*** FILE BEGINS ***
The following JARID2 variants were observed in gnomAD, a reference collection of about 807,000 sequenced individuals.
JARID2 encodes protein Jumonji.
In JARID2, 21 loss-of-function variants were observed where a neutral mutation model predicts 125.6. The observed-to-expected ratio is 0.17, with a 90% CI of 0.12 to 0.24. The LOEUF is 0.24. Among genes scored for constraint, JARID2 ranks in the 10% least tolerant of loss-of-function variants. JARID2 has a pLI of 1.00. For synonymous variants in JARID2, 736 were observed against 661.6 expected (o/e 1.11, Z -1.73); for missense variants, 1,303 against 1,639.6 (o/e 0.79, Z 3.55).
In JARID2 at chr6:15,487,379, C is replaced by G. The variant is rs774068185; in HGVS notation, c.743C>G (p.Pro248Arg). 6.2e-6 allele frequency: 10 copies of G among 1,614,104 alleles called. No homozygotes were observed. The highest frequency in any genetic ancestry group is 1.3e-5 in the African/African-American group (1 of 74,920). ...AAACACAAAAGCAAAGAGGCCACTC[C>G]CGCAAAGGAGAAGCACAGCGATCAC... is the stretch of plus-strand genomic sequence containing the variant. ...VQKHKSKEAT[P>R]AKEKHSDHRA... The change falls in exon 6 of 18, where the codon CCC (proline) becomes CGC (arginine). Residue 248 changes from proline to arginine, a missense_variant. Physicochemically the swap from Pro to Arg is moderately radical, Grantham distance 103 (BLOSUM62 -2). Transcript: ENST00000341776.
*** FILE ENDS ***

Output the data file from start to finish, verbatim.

The following JARID2 variants were observed in gnomAD, a reference collection of about 807,000 sequenced individuals.
JARID2 encodes protein Jumonji.
In JARID2, 21 loss-of-function variants were observed where a neutral mutation model predicts 125.6. The observed-to-expected ratio is 0.17, with a 90% CI of 0.12 to 0.24. The LOEUF is 0.24. Among genes scored for constraint, JARID2 ranks in the 10% least tolerant of loss-of-function variants. JARID2 has a pLI of 1.00. For synonymous variants in JARID2, 736 were observed against 661.6 expected (o/e 1.11, Z -1.73); for missense variants, 1,303 against 1,639.6 (o/e 0.79, Z 3.55).
In JARID2 at chr6:15,487,379, C is replaced by G. The variant is rs774068185; in HGVS notation, c.743C>G (p.Pro248Arg). 6.2e-6 allele frequency: 10 copies of G among 1,614,104 alleles called. No homozygotes were observed. The highest frequency in any genetic ancestry group is 1.3e-5 in the African/African-American group (1 of 74,920). ...AAACACAAAAGCAAAGAGGCCACTC[C>G]CGCAAAGGAGAAGCACAGCGATCAC... is the stretch of plus-strand genomic sequence containing the variant. ...VQKHKSKEAT[P>R]AKEKHSDHRA... The change falls in exon 6 of 18, where the codon CCC (proline) becomes CGC (arginine). Residue 248 changes from proline to arginine, a missense_variant. Physicochemically the swap from Pro to Arg is moderately radical, Grantham distance 103 (BLOSUM62 -2). Transcript: ENST00000341776.